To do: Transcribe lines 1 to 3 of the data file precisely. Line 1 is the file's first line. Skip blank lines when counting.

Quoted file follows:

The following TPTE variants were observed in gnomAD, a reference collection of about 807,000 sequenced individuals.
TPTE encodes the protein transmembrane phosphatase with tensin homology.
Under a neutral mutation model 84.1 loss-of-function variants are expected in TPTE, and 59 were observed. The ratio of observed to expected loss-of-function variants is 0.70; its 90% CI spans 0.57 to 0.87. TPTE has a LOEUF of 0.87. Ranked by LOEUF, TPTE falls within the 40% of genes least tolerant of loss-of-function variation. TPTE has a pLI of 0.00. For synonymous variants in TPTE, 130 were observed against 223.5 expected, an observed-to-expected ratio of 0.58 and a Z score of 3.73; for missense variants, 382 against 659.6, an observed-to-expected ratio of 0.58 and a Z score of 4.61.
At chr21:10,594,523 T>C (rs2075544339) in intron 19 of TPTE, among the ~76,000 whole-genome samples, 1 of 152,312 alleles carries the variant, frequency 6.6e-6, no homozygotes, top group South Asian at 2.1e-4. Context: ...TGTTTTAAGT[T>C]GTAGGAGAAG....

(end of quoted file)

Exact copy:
The following TPTE variants were observed in gnomAD, a reference collection of about 807,000 sequenced individuals.
TPTE encodes the protein transmembrane phosphatase with tensin homology.
Under a neutral mutation model 84.1 loss-of-function variants are expected in TPTE, and 59 were observed. The ratio of observed to expected loss-of-function variants is 0.70; its 90% CI spans 0.57 to 0.87. TPTE has a LOEUF of 0.87. Ranked by LOEUF, TPTE falls within the 40% of genes least tolerant of loss-of-function variation. TPTE has a pLI of 0.00. For synonymous variants in TPTE, 130 were observed against 223.5 expected, an observed-to-expected ratio of 0.58 and a Z score of 3.73; for missense variants, 382 against 659.6, an observed-to-expected ratio of 0.58 and a Z score of 4.61.